2016 Funded Projects

1. Bridging the GAPs – WV Food Safety Training for Small and Mid-Sized Farms
Project Director: Doolarie Singh-Knights (dosingh-knights@mail.wvu.edu)
Co-Project Director: Ronnie Helmondollar (ronnie.helmondollar@mail.wvu.edu)
West Virginia University Research Corporation
Award Amount: $32,043

Growing consumer demand for local, distinctive foods has increased local food market opportunities in WV. However, recent policies such as the Food Safety Modernization Act (FSMA) and increased produce-related foodborne illness outbreaks has raised anxiety/concerns among consumers and producers alike about the safety of directly-marketed produce.

We will provide food safety education to help producers stay well-positioned in the local food movement and meet buyers’ expectations of safe foods, in a cost-effective manner. One-hundred-and-twenty direct-marketers (3 cohorts of 40) of fresh/fresh-cut fruits/vegetables throughout WV attend a 3-module short-course (24 contact hours) covering topics such as: food safety risks, recommended GAPs/GHPs, on-farm food safety assessment, economics of food safety implementation, food safety planning, on-farm mock audits, record-keeping and voluntary certification, and effectively communicating food safety compliance. Six months post-training, 60 producers will implement a food safety plan with appropriate documentation, and 10 producers will apply for voluntary certification through this program.

2. Building Resiliency and Improving Profitability through Adoption of No-Till Production Systems in Northern Climates
Project Director: Heather Darby (heather.darby@uvm.edu)
University of Vermont and State Agricultural College
Award Amount: $32,069

No-till cropping systems have been shown to not only significantly reduce crop production costs but also can reduce soil erosion, increase water infiltration, increase soil health, and increase crop resiliency in extreme weather events. Once developed, these systems can mitigate production and financial risks associated with growing a cash crop such as corn and soybeans through improved soil health characteristics. To increase the successful adoption of no-till cropping systems, we will develop and deliver research-based information on best practices for no-till silage corn production for northern climates. Delivery methods will include two on-farm demonstrations/field days, one YouTube video, a booklet on best management practices, and live broadcasting of our annual No-Till Cover Crop conference for further reach to dairy and livestock farmers. As a result, 200 dairy and livestock farmers will better understand no-till best practices, and 15 will implement no-till to better manage their risks of growing silage corn.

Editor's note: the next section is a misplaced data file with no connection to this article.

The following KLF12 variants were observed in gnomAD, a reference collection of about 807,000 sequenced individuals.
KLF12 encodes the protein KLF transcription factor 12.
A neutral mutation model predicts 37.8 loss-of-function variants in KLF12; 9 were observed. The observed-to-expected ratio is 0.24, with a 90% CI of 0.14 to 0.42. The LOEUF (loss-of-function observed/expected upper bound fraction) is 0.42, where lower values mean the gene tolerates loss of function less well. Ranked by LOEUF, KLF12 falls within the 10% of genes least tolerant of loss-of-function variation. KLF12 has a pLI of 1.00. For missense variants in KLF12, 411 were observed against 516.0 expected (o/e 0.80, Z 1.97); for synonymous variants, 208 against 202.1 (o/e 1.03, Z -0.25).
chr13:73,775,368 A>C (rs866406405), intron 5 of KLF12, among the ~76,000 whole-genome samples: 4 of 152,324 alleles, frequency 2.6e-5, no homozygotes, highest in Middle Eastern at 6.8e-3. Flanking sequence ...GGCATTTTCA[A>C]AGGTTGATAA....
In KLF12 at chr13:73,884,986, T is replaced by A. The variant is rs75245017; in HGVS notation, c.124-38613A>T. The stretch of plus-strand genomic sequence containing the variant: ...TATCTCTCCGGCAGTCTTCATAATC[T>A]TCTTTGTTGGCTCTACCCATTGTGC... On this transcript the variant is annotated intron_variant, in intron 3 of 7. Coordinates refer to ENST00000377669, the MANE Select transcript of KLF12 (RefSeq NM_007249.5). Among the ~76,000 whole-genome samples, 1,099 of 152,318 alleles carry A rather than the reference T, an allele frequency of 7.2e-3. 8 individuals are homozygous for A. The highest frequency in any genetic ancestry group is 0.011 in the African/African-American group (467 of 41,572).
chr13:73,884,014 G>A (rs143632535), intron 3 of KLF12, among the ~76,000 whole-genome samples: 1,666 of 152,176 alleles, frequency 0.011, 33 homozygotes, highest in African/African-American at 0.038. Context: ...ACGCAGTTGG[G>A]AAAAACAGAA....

3. Community Accreditation for Produce Safety in Vermont
Project Director: Vernon Grubinger (vernon.grubinger@uvm.edu)
Institution: University of Vermont Extension
Award Amount: $39,838

This project addresses a market risk for small- and medium-scale farms that will be exempt from the Food Safety Modernization Act. To help these farms maintain credibility in the marketplace, University of Vermont Extension collaborated with the Vermont Vegetable and Berry Growers Association to develop Community Accreditation for Produce Safety. This farmer-driven program uses an on-line platform where farmers learn about best practices, write produce safety plans, and document plan implementation in order to earn accreditation. In 2015, twenty-four farmers are piloting the accreditation process to test the on-line documentation system and the peer-review process. In 2016, eighty farmers will complete on-line food safety plans and 75 will fully implement their plans, uploading the required documentation to become accredited by the VVBGA. In 2017, one hundred sixty hundred farmers will complete on-line food safety plans, and 150 of these farms will become accredited by the end of that year.